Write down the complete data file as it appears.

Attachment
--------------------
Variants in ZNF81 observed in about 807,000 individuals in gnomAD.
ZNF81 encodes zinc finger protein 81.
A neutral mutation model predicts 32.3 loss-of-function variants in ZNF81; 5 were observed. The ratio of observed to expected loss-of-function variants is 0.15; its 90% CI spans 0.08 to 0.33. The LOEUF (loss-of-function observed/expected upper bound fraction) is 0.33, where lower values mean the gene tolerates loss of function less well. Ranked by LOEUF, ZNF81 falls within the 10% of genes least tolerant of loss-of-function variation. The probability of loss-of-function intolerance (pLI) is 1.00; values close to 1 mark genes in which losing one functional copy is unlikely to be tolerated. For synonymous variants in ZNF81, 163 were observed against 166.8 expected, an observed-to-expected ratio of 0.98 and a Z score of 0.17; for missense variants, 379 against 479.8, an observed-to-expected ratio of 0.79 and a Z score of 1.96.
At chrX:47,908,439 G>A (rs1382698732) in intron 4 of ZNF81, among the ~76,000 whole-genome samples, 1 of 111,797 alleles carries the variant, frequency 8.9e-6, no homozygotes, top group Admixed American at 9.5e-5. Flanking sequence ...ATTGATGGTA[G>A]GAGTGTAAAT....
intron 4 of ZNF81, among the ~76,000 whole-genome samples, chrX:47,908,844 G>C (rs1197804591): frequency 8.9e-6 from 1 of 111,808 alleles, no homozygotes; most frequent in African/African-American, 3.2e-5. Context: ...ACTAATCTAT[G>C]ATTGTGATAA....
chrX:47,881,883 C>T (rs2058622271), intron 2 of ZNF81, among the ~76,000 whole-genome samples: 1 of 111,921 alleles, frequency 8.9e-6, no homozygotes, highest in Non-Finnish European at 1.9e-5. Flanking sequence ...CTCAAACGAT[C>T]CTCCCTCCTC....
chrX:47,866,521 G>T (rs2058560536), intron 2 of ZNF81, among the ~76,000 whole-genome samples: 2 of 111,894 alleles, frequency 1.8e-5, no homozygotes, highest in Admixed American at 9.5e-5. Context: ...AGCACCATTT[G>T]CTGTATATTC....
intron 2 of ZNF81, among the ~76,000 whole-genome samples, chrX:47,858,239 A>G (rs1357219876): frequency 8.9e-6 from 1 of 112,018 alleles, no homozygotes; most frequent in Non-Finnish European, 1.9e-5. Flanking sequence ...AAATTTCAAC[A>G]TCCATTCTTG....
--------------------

Variants in ZNF81 observed in about 807,000 individuals in gnomAD.
ZNF81 encodes zinc finger protein 81.
A neutral mutation model predicts 32.3 loss-of-function variants in ZNF81; 5 were observed. The ratio of observed to expected loss-of-function variants is 0.15; its 90% CI spans 0.08 to 0.33. The LOEUF (loss-of-function observed/expected upper bound fraction) is 0.33, where lower values mean the gene tolerates loss of function less well. Ranked by LOEUF, ZNF81 falls within the 10% of genes least tolerant of loss-of-function variation. The probability of loss-of-function intolerance (pLI) is 1.00; values close to 1 mark genes in which losing one functional copy is unlikely to be tolerated. For synonymous variants in ZNF81, 163 were observed against 166.8 expected, an observed-to-expected ratio of 0.98 and a Z score of 0.17; for missense variants, 379 against 479.8, an observed-to-expected ratio of 0.79 and a Z score of 1.96.
At chrX:47,908,439 G>A (rs1382698732) in intron 4 of ZNF81, among the ~76,000 whole-genome samples, 1 of 111,797 alleles carries the variant, frequency 8.9e-6, no homozygotes, top group Admixed American at 9.5e-5. Flanking sequence ...ATTGATGGTA[G>A]GAGTGTAAAT....
intron 4 of ZNF81, among the ~76,000 whole-genome samples, chrX:47,908,844 G>C (rs1197804591): frequency 8.9e-6 from 1 of 111,808 alleles, no homozygotes; most frequent in African/African-American, 3.2e-5. Context: ...ACTAATCTAT[G>C]ATTGTGATAA....
chrX:47,881,883 C>T (rs2058622271), intron 2 of ZNF81, among the ~76,000 whole-genome samples: 1 of 111,921 alleles, frequency 8.9e-6, no homozygotes, highest in Non-Finnish European at 1.9e-5. Flanking sequence ...CTCAAACGAT[C>T]CTCCCTCCTC....
chrX:47,866,521 G>T (rs2058560536), intron 2 of ZNF81, among the ~76,000 whole-genome samples: 2 of 111,894 alleles, frequency 1.8e-5, no homozygotes, highest in Admixed American at 9.5e-5. Context: ...AGCACCATTT[G>T]CTGTATATTC....
intron 2 of ZNF81, among the ~76,000 whole-genome samples, chrX:47,858,239 A>G (rs1357219876): frequency 8.9e-6 from 1 of 112,018 alleles, no homozygotes; most frequent in Non-Finnish European, 1.9e-5. Flanking sequence ...AAATTTCAAC[A>G]TCCATTCTTG....